Recently, NASA has begun prioritizing an exploratory mission to Venus [1], including a surface lander [2]. Previous landers from the Venera program by the USSR were only able to last, at most, two hours on the unforgiving Venusian surface [3]. The extreme temperatures and oxidative atmosphere of the planet’s surface mean it is very difficult for current electronic systems to perform for extended periods. While a wealth of new high temperature and pressure sensing instruments have been developed as part of the Venus Exploration Analysis Group (VEXAG), the glue electronics to control and operate such a lander are still elusive [4].
The development of silicon carbide (SiC) semiconductor devices has gained increasing popularity in the past 20 years, yet the technology lacks the wide breadth of available devices which competing substrates currently offer. Far from the first light emitting diode [5] [6] which was originally made in SiC, today SiC can be found in many high power applications. Recent developments have even allowed the creation of power switching devices with high-voltage junction temperature tolerance up to 1200 V in both JFET and MOSFET designs [7] [8]. Current SiC logical devices are produced using JFET technology. Core logic gates such as the inverter, NAND, and NOR have been demonstrated in both depletion mode [9] and enhancement mode [10] SiC JFET. Despite recent demonstrations of a ring oscillator and development of 100’s scale transistor level logic using SiC JFET technology [11], there is a dearth of advanced logic designs for SiC circuits which would further the NASA Venus lander objectives. The goal of this proposed work is to develop discrete digital logic devices using SiC substrates and patterning.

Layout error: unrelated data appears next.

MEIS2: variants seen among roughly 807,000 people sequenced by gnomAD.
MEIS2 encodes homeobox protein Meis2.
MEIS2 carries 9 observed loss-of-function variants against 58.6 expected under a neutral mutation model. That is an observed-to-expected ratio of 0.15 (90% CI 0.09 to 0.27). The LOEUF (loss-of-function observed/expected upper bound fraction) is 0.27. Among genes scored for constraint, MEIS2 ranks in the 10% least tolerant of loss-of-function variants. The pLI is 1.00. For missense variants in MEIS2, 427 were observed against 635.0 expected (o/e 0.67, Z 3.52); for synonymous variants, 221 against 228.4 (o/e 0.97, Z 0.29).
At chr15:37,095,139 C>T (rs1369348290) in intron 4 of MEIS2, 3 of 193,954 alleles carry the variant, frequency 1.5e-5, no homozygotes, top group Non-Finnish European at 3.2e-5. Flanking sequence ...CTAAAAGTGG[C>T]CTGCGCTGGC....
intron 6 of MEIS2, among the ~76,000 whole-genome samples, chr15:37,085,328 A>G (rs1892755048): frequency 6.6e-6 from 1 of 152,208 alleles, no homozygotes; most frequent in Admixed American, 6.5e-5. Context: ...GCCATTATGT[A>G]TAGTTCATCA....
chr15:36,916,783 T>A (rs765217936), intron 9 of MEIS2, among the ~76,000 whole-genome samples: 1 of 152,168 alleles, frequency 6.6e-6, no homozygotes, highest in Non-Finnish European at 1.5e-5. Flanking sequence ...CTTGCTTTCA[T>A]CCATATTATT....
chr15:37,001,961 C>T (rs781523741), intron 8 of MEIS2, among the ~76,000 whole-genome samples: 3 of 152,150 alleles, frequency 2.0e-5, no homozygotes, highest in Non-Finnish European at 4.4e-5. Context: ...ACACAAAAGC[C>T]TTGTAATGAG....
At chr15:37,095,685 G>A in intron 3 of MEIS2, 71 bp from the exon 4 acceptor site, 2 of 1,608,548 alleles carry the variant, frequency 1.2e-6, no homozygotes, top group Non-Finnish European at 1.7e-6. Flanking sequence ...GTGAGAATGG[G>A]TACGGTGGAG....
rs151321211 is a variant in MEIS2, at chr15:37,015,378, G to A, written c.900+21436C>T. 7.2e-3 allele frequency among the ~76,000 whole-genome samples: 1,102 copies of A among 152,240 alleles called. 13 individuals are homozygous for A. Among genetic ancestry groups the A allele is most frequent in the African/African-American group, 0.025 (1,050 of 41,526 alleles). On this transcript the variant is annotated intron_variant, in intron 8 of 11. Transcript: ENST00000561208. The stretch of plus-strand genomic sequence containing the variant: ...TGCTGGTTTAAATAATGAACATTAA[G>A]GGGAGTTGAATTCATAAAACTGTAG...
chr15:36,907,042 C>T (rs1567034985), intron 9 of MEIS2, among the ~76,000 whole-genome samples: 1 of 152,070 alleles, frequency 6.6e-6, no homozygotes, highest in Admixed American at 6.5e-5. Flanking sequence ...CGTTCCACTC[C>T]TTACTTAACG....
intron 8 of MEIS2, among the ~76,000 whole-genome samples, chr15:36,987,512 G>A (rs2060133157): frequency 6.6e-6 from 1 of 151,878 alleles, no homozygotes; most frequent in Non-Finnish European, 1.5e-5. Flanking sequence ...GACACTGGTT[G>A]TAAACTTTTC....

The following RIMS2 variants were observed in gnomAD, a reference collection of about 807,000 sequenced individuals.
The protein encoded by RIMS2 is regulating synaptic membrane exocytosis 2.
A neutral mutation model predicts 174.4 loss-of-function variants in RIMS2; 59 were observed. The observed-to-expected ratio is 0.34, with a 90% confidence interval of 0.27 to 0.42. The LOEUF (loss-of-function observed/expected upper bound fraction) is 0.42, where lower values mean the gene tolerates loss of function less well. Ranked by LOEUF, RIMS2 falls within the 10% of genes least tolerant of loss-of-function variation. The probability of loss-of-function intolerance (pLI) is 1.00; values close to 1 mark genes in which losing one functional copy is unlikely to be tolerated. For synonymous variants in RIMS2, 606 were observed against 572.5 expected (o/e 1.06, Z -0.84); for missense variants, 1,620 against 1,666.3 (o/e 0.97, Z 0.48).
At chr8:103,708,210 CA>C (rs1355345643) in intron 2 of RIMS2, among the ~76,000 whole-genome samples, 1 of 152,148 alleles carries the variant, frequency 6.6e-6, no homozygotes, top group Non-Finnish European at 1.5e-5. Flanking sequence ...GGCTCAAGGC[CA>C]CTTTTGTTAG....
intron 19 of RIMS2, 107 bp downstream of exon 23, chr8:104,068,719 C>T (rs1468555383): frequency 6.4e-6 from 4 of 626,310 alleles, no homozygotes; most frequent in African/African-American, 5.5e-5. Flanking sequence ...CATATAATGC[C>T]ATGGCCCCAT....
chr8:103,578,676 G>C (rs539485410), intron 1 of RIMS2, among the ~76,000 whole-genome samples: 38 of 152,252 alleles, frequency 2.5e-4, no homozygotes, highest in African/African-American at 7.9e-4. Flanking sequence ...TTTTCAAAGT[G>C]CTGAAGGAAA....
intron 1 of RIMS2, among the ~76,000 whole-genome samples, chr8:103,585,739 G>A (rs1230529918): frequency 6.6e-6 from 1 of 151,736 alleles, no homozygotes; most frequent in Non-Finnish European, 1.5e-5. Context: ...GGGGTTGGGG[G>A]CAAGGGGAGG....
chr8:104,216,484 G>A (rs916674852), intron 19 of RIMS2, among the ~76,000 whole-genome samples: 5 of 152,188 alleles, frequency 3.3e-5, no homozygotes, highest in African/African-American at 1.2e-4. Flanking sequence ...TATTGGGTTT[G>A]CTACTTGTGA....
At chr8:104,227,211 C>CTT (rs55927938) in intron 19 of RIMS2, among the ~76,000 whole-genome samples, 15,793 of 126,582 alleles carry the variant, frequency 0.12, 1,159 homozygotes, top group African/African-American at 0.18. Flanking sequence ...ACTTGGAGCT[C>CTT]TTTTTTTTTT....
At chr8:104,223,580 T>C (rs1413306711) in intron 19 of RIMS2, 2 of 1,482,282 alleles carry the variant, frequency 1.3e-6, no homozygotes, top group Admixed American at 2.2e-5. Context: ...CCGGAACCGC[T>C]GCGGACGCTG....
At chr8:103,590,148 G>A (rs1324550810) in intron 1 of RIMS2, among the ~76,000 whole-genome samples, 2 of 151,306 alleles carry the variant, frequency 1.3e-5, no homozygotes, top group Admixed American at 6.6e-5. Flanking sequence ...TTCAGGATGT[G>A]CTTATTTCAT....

2. Background and relevance to previous work